Do you find it hard to get your point across to those you lead? Find out 5 tips for effective communication during meetings.
Leaders often fall into one of two categories when it comes to communicating in meetings: meticulously thinking through their views and formulating a response before speaking, or using a less structured approach. It’s crucial to keep in mind that virtual brainstorming might be more difficult and create additional challenges for interacting with your staff.
Try these 5 tips for effective communication when you hold meetings.
Highlight your strengths
If you are good at coming up with new ideas, consider holding more brainstorming sessions rather than formal meetings. Take the chance to organise your department around your talents.
You may organise a recurrent monthly brainstorm to get your coworkers in on the activity. Feel free to get tactile; post-it notes can be used to jot down ideas as they come to you. You should also encourage your fellow meeting participants to do the same. Doing your “out loud” thinking on paper can help those participants who don’t like to share their thoughts in public.
Be honest that you are thinking out loud
Being honest about the fact that you’re thinking out loud will signal to others it’s okay for them to do the same. This could look like saying you’re brainstorming out loud to help find a solution, or that you’re speaking in rough draught and welcome your team’s feedback. You can reclaim your power and credibility by considering your options, developing a plan of action, and being open about how you communicate.
Limits your words to communicate
While it may not feel natural at first, intentionally limiting your words can also help during brainstorming sessions by allowing others to see an abbreviated summary of your thought process. You can practise doing this before a meeting to see where you can improve.
Another way to practise “speaking in tweets” is to write out a sentence from a presentation or conversation and see how many words you can omit without losing meaning. Read it aloud a few times. Then, take another sentence and repeat the process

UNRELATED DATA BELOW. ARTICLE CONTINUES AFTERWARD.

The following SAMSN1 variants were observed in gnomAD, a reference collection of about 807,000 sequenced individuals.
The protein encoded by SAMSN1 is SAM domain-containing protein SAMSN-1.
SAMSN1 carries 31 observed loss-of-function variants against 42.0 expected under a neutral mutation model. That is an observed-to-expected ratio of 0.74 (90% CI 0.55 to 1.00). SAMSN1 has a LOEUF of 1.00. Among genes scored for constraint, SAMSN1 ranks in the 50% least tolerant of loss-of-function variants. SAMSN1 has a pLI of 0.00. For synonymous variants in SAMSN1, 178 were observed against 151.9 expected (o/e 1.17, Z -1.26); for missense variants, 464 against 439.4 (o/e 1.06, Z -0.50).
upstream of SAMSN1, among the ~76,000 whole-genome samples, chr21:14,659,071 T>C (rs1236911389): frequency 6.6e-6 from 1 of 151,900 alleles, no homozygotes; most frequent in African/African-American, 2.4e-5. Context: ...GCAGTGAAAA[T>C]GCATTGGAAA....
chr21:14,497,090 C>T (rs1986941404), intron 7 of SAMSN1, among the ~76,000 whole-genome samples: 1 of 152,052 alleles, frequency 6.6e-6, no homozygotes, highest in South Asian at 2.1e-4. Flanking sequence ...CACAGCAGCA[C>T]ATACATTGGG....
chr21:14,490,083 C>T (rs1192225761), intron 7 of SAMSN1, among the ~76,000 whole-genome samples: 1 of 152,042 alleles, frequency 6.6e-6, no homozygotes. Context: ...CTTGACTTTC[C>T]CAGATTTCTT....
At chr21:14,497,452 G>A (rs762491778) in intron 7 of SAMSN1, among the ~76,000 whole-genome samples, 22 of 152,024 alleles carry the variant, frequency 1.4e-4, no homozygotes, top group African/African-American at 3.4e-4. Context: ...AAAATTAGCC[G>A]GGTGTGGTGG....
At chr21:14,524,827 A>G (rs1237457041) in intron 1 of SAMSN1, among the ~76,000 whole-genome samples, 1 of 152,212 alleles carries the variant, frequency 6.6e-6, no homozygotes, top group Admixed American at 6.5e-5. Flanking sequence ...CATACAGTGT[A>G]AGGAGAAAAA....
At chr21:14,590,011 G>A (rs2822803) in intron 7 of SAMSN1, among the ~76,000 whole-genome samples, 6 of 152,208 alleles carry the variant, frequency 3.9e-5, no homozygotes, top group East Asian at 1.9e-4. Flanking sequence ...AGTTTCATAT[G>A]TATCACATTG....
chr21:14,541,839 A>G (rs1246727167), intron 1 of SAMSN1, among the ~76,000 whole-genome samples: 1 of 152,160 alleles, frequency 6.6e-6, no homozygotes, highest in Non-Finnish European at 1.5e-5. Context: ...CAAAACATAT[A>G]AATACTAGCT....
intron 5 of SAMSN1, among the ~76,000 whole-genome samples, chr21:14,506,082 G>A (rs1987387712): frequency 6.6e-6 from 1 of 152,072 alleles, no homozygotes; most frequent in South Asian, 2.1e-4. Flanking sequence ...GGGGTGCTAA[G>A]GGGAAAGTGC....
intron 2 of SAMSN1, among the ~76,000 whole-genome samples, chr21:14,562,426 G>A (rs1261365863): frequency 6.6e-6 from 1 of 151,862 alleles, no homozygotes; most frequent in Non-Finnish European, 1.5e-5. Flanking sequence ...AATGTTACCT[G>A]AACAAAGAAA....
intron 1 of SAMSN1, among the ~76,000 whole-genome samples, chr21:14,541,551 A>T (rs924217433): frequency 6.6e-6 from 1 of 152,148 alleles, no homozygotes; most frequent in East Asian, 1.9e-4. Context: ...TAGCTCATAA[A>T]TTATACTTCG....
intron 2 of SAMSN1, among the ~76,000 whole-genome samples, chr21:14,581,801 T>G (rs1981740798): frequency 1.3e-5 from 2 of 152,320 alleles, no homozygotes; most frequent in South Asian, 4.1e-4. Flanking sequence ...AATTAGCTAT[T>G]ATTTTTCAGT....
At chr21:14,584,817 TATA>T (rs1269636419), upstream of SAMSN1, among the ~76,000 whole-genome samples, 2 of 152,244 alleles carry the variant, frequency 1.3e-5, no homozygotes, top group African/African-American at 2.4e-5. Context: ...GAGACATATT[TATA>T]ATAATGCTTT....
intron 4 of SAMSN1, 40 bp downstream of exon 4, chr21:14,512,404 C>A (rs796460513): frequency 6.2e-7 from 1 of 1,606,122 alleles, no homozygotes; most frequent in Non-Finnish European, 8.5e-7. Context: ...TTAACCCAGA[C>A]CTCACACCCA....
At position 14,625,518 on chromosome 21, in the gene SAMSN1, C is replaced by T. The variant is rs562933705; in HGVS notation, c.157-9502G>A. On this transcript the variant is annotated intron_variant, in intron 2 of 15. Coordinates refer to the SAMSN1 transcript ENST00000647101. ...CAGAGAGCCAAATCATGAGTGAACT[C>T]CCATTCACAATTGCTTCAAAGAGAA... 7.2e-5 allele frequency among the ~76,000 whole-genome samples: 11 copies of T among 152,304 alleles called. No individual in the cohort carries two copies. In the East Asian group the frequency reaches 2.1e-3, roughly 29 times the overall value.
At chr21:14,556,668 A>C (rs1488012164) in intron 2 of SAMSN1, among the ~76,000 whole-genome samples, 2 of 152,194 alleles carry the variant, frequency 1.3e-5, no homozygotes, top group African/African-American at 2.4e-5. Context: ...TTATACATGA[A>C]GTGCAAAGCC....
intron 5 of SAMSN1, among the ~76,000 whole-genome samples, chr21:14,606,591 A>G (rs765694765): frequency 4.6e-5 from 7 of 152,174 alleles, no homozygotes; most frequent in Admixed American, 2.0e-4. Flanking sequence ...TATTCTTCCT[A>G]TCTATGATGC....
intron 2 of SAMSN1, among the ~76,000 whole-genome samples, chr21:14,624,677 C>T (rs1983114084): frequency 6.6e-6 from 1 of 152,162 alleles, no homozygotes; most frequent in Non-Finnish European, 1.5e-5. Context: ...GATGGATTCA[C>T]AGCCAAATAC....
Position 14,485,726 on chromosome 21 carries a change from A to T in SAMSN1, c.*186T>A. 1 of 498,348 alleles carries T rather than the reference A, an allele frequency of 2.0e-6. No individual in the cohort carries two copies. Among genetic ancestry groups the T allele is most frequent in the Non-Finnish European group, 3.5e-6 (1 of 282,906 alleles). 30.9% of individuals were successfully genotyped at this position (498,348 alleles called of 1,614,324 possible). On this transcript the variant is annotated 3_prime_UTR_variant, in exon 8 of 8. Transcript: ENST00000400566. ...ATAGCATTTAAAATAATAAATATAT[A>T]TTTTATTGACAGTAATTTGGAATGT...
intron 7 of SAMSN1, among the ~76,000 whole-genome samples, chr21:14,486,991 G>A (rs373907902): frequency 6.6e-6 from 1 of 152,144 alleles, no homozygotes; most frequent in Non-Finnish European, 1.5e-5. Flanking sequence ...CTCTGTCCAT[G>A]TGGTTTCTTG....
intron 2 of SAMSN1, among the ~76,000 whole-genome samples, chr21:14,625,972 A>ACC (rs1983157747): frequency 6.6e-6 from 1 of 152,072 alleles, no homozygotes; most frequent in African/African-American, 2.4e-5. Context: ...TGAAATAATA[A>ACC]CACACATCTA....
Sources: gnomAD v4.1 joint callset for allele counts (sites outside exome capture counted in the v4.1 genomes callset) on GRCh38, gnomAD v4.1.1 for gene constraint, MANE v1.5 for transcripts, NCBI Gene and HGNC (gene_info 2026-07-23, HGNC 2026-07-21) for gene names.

Outline your thoughts and your speech
By incorporating the outline concept into how you share ideas, you can better demonstrate your brainstorming flow. Consider creating a rough outline to emphasise and structure your ideas. If you think visually, try outlining your thoughts on a whiteboard for others to see.
When giving a presentation, it is always a good idea to create and practise with an outline as a best practise. This method can also be used for impromptu speaking. First, slow down and let your words to catch up with your ideas. Then, add the big idea to your outline and share it first. Finally, provide two to three supporting points. You will avoid overloading your coworkers with information if you limit yourself to only sharing the most important aspects.
Set a time limit to share ideas
To keep yourself from rambling, you could pause and ask for feedback on what you’ve said. If you don’t use a timer, keep an eye on your audience to ensure you haven’t lost them. If you’re worried about forgetting where to pause, put it down in your notes. Be sure you’re actually having a conversation.